Stainless steel grids, sensors, 8 Loudspeakers, 2 Channels, 2001 (ongoing)
Commissioned by the Australian Capital Territory Government for City Walk, Canberra
A low wall snakes along the edge of a small park at the eastern end of City Walk, and sounds emanate from a rhythmic series of stainless steel grids inserted into the wall and ground.
People walking past trigger the unexpected real–world sounds of people talking to animals, but with the sounds of the animals edited out, the voices seem to be calling out directly to the passersby: beckoning, controlling, coaxing. The addressee has been changed and visitors find themselves implicated in the work.
Leber and Chesworth are interested in the juxtaposition of these personalised, intimate vocalisations in an urban, public space surrounded by commercial and government buildings. In this place – called ‘Civic’ no less – the work is not so much about the nature of the park but about the relationship of ‘citizens’ to their ‘civic spaces’.
NAWIC 2002 Award for Outstanding Achievement in Design
Analogue2digital, conference exhibition at Adelaide University (2002)
The artists give grateful thanks to the many participants recorded at farms, parks, training schools, zoos, veterinary practices and animal shows. Created in association with H2o architects.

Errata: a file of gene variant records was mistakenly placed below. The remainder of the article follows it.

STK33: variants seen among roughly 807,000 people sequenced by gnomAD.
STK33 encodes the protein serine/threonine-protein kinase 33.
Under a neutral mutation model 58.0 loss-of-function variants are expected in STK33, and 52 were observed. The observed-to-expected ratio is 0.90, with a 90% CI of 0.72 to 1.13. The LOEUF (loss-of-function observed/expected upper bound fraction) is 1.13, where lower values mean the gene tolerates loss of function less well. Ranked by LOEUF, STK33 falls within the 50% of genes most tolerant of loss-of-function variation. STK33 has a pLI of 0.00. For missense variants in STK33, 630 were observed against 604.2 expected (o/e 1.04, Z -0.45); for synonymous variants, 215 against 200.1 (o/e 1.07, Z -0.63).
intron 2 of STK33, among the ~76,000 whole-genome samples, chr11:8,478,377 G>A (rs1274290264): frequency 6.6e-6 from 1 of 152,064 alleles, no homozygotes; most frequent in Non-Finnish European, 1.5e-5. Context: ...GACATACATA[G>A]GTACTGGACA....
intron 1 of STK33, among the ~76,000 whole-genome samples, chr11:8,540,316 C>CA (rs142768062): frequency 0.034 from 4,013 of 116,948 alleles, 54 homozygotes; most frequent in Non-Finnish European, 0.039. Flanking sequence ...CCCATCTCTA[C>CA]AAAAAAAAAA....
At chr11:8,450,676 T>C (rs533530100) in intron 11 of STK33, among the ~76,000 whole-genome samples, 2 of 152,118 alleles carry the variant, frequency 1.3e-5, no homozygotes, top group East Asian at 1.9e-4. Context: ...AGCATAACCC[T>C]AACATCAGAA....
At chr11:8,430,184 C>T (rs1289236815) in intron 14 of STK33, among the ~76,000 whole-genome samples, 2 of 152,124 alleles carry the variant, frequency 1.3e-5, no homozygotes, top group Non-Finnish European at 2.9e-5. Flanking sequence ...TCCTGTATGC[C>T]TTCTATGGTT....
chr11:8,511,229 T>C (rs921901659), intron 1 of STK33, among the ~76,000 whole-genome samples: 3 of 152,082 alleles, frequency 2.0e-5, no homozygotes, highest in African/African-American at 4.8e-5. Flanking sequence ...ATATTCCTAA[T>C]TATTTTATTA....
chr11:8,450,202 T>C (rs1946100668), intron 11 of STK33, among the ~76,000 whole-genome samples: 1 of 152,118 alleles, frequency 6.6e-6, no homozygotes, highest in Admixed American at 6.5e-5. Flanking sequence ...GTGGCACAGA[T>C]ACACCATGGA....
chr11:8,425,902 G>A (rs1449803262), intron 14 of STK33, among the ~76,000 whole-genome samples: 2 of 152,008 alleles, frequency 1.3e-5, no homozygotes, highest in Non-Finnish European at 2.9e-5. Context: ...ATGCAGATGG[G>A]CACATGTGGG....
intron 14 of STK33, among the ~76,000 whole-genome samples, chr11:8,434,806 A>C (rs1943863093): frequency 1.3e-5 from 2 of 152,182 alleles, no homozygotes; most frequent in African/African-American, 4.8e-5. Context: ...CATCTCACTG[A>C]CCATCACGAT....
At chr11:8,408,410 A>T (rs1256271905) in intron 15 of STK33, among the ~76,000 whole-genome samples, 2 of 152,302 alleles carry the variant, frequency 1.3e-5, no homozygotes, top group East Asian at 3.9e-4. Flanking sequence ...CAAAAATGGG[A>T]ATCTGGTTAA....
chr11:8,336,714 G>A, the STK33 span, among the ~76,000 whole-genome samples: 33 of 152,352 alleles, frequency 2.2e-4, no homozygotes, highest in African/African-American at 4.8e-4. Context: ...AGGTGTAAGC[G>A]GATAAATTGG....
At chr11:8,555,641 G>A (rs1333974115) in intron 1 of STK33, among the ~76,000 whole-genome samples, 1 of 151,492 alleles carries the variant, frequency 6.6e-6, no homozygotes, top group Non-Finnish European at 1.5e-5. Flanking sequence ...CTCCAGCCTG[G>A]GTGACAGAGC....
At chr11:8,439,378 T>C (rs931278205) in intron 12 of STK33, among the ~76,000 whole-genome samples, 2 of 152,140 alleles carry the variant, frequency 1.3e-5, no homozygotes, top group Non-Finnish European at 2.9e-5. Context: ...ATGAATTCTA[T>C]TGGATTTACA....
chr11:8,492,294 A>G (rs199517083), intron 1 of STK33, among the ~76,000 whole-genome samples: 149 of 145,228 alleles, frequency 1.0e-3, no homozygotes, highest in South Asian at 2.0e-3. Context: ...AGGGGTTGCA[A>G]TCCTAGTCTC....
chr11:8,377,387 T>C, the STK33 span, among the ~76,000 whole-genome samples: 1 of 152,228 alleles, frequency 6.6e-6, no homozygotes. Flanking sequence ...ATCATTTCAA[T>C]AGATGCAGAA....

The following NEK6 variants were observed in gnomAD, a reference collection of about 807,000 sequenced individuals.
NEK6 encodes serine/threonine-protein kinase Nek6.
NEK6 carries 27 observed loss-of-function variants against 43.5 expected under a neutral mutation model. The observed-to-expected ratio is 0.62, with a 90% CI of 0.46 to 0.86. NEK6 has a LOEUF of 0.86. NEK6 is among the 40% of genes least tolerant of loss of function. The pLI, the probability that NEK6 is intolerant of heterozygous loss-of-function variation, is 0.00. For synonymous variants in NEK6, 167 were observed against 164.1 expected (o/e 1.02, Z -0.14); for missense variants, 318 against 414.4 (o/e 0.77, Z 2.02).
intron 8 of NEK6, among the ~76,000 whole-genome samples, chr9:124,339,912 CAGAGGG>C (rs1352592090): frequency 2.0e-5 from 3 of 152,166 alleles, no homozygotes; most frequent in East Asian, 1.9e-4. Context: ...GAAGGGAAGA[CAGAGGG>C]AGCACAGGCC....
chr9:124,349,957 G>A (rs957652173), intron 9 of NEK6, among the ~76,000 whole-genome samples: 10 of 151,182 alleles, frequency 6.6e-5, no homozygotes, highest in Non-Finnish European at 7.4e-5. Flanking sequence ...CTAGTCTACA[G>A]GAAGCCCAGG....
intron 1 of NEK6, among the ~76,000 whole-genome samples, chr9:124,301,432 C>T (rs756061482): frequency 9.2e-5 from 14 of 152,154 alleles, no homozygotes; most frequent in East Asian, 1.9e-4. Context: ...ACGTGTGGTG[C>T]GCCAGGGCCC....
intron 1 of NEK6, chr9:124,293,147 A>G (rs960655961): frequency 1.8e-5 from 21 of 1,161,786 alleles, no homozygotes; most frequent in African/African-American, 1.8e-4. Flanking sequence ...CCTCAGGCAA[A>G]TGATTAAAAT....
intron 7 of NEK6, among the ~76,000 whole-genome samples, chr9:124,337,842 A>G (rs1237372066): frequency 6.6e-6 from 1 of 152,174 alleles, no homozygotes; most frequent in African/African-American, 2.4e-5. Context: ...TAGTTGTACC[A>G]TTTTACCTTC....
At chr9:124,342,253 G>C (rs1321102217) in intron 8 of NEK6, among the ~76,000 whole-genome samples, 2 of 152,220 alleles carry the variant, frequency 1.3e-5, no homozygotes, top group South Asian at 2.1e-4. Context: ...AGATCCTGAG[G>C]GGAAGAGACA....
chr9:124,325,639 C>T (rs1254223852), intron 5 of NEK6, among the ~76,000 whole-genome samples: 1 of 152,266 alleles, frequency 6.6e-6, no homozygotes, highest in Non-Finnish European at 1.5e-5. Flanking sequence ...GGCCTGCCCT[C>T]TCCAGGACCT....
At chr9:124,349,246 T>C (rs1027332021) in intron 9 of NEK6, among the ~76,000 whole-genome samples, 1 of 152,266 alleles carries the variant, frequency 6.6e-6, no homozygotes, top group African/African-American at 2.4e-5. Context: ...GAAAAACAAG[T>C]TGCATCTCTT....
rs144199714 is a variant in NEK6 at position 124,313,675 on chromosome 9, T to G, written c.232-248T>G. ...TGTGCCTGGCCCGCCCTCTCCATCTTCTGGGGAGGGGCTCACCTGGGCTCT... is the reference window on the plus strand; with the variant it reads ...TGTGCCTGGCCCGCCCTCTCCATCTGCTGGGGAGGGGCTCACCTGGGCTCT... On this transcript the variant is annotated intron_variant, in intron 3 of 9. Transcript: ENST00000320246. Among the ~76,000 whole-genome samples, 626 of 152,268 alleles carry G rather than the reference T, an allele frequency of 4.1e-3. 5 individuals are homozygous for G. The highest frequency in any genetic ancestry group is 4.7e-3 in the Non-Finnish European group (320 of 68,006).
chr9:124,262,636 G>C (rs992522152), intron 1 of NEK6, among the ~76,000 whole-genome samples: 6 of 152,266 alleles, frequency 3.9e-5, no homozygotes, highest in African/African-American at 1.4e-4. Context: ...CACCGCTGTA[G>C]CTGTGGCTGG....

‘Using the doggerel and playful name-calling of people talking to their pets . . . The Master's Voice appears to follow listeners as they walk along a wall in Canberra: the setting in the national capital perhaps inviting questions about who is the master and who is on the leash.’
- Matthew Westwood, The Australian, August 04, 2005
‘The work . . . trips up passers-by, induces double-takes, private puzzled glances . . . It addresses us directly...these calls are full of questions, invitations to conversation, spaces for exchange; there's this urge for an interchange . . . The 'sensible' inflections of speech get stretched into wild glisses and warbling melisma . . . these candid, charged interspecies moments emerge from inconspicuous slots in a mallscape; their sonic shapes stand out against the 'public' murmur of social verbosity.’
- Mitchell Whitelaw, RealTime No.46, Sydney, 2001